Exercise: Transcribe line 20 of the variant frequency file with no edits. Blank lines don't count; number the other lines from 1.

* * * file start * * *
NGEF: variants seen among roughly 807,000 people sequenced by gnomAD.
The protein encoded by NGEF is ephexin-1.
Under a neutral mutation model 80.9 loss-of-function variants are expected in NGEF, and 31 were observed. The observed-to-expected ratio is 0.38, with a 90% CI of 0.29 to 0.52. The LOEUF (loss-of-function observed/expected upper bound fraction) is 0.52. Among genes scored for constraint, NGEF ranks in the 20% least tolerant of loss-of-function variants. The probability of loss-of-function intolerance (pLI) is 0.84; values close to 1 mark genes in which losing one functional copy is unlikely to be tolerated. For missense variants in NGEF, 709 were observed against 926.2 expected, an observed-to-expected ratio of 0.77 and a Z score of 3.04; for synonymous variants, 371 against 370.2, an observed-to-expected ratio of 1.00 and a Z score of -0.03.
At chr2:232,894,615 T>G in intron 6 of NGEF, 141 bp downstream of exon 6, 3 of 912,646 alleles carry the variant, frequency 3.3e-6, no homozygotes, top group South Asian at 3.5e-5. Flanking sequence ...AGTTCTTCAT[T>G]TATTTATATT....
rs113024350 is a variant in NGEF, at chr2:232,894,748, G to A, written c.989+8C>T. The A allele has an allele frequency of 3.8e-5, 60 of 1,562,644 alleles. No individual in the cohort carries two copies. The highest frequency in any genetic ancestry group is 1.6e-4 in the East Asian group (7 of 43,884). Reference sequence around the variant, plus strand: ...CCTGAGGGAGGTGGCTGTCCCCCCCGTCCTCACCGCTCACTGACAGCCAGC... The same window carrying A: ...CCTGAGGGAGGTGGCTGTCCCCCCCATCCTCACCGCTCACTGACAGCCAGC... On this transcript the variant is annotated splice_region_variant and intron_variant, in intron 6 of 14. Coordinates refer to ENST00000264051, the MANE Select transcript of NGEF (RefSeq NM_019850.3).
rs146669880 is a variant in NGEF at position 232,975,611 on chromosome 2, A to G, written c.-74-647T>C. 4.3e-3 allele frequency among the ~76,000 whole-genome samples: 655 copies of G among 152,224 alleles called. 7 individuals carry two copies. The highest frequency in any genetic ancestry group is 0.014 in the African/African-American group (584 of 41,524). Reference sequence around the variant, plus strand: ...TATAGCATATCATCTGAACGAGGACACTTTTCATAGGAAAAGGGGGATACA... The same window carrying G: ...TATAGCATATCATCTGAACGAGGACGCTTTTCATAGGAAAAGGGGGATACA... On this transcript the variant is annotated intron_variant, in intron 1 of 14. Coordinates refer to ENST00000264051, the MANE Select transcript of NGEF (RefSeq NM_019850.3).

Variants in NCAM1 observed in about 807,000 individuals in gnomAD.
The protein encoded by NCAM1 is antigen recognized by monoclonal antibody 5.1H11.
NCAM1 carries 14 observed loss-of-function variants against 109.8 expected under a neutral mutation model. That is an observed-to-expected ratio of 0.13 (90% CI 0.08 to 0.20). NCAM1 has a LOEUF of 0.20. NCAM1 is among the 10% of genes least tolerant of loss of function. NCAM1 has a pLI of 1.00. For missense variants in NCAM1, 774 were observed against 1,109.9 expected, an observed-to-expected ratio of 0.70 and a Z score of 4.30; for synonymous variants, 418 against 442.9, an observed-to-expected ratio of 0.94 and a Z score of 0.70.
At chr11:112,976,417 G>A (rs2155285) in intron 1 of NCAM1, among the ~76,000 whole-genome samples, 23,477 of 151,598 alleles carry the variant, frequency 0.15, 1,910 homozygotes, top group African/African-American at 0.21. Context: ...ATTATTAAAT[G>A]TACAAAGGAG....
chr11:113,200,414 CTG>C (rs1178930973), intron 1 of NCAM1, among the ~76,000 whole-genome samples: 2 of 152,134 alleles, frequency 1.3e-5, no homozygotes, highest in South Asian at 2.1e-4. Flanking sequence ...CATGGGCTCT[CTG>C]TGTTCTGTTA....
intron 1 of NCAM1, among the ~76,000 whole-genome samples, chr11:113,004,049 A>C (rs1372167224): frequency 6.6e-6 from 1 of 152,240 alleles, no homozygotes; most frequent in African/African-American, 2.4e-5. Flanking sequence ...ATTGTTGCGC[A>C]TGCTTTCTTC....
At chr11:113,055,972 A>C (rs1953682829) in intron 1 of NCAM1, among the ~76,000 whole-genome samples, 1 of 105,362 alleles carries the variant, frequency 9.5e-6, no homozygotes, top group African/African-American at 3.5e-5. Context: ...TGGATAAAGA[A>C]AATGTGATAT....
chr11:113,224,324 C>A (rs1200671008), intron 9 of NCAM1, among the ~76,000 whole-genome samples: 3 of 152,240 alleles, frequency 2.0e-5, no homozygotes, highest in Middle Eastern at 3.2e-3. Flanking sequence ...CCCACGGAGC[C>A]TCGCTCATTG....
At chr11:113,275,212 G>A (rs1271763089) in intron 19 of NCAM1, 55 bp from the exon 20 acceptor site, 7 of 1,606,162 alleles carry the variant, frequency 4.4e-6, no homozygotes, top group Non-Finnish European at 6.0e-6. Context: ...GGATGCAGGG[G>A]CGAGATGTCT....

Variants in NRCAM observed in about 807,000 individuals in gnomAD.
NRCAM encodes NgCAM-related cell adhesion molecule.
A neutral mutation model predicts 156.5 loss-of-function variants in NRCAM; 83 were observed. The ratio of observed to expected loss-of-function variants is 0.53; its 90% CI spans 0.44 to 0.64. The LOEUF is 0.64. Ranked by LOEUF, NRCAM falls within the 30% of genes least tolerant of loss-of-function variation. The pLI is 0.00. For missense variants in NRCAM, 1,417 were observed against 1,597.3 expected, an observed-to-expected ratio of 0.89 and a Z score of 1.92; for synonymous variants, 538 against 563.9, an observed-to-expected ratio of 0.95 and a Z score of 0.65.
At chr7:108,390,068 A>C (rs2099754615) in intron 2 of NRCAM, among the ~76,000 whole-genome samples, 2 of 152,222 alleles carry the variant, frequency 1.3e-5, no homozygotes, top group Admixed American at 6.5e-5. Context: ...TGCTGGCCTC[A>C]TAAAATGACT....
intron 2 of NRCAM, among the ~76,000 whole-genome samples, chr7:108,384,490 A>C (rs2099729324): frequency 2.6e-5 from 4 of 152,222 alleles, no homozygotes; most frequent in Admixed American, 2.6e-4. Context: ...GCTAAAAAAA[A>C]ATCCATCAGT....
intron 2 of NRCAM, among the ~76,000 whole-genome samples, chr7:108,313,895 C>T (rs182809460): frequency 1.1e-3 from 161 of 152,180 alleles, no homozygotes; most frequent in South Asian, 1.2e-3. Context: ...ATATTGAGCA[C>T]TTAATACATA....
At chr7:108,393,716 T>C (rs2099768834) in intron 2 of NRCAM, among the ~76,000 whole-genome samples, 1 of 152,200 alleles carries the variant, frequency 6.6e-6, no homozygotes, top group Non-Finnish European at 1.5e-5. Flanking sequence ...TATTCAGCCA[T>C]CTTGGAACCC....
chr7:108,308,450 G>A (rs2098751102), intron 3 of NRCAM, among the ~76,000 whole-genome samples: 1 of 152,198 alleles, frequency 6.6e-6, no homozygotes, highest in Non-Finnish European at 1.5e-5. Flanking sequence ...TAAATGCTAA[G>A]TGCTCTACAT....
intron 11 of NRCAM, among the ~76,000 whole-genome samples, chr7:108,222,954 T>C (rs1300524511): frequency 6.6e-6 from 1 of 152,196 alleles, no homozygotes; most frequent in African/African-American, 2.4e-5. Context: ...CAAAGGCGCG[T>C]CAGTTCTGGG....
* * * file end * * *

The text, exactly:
intron 2 of NRCAM, among the ~76,000 whole-genome samples, chr7:108,384,490 A>C (rs2099729324): frequency 2.6e-5 from 4 of 152,222 alleles, no homozygotes; most frequent in Admixed American, 2.6e-4. Context: ...GCTAAAAAAA[A>C]ATCCATCAGT....